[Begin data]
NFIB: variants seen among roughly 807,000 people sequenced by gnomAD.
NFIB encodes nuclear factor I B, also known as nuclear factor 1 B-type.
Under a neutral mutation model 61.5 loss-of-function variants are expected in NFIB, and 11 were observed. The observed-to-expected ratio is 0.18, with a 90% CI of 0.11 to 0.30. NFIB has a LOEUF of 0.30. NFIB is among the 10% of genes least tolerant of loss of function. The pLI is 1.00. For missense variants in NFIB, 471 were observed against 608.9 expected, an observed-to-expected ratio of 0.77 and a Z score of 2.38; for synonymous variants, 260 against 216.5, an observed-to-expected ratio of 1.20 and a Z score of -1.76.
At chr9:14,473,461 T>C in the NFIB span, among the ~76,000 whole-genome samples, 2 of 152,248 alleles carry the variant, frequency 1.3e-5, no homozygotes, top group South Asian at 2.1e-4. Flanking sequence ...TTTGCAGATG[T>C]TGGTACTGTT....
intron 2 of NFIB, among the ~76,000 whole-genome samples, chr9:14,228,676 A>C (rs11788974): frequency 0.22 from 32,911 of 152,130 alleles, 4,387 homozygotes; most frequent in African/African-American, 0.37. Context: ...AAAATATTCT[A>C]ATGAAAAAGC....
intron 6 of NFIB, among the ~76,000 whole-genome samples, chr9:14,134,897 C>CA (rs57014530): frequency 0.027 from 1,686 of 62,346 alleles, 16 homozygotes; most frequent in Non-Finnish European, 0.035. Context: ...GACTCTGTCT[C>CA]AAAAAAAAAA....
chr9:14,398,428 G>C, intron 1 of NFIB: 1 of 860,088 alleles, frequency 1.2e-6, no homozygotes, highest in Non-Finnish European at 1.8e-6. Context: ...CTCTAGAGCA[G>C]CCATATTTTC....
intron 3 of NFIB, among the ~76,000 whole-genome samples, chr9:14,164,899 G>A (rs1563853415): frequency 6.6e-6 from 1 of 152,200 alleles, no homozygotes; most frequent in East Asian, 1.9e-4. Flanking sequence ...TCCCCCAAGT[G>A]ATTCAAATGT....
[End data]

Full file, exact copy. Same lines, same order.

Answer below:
NFIB: variants seen among roughly 807,000 people sequenced by gnomAD.
NFIB encodes nuclear factor I B, also known as nuclear factor 1 B-type.
Under a neutral mutation model 61.5 loss-of-function variants are expected in NFIB, and 11 were observed. The observed-to-expected ratio is 0.18, with a 90% CI of 0.11 to 0.30. NFIB has a LOEUF of 0.30. NFIB is among the 10% of genes least tolerant of loss of function. The pLI is 1.00. For missense variants in NFIB, 471 were observed against 608.9 expected, an observed-to-expected ratio of 0.77 and a Z score of 2.38; for synonymous variants, 260 against 216.5, an observed-to-expected ratio of 1.20 and a Z score of -1.76.
At chr9:14,473,461 T>C in the NFIB span, among the ~76,000 whole-genome samples, 2 of 152,248 alleles carry the variant, frequency 1.3e-5, no homozygotes, top group South Asian at 2.1e-4. Flanking sequence ...TTTGCAGATG[T>C]TGGTACTGTT....
intron 2 of NFIB, among the ~76,000 whole-genome samples, chr9:14,228,676 A>C (rs11788974): frequency 0.22 from 32,911 of 152,130 alleles, 4,387 homozygotes; most frequent in African/African-American, 0.37. Context: ...AAAATATTCT[A>C]ATGAAAAAGC....
intron 6 of NFIB, among the ~76,000 whole-genome samples, chr9:14,134,897 C>CA (rs57014530): frequency 0.027 from 1,686 of 62,346 alleles, 16 homozygotes; most frequent in Non-Finnish European, 0.035. Context: ...GACTCTGTCT[C>CA]AAAAAAAAAA....
chr9:14,398,428 G>C, intron 1 of NFIB: 1 of 860,088 alleles, frequency 1.2e-6, no homozygotes, highest in Non-Finnish European at 1.8e-6. Context: ...CTCTAGAGCA[G>C]CCATATTTTC....
intron 3 of NFIB, among the ~76,000 whole-genome samples, chr9:14,164,899 G>A (rs1563853415): frequency 6.6e-6 from 1 of 152,200 alleles, no homozygotes; most frequent in East Asian, 1.9e-4. Flanking sequence ...TCCCCCAAGT[G>A]ATTCAAATGT....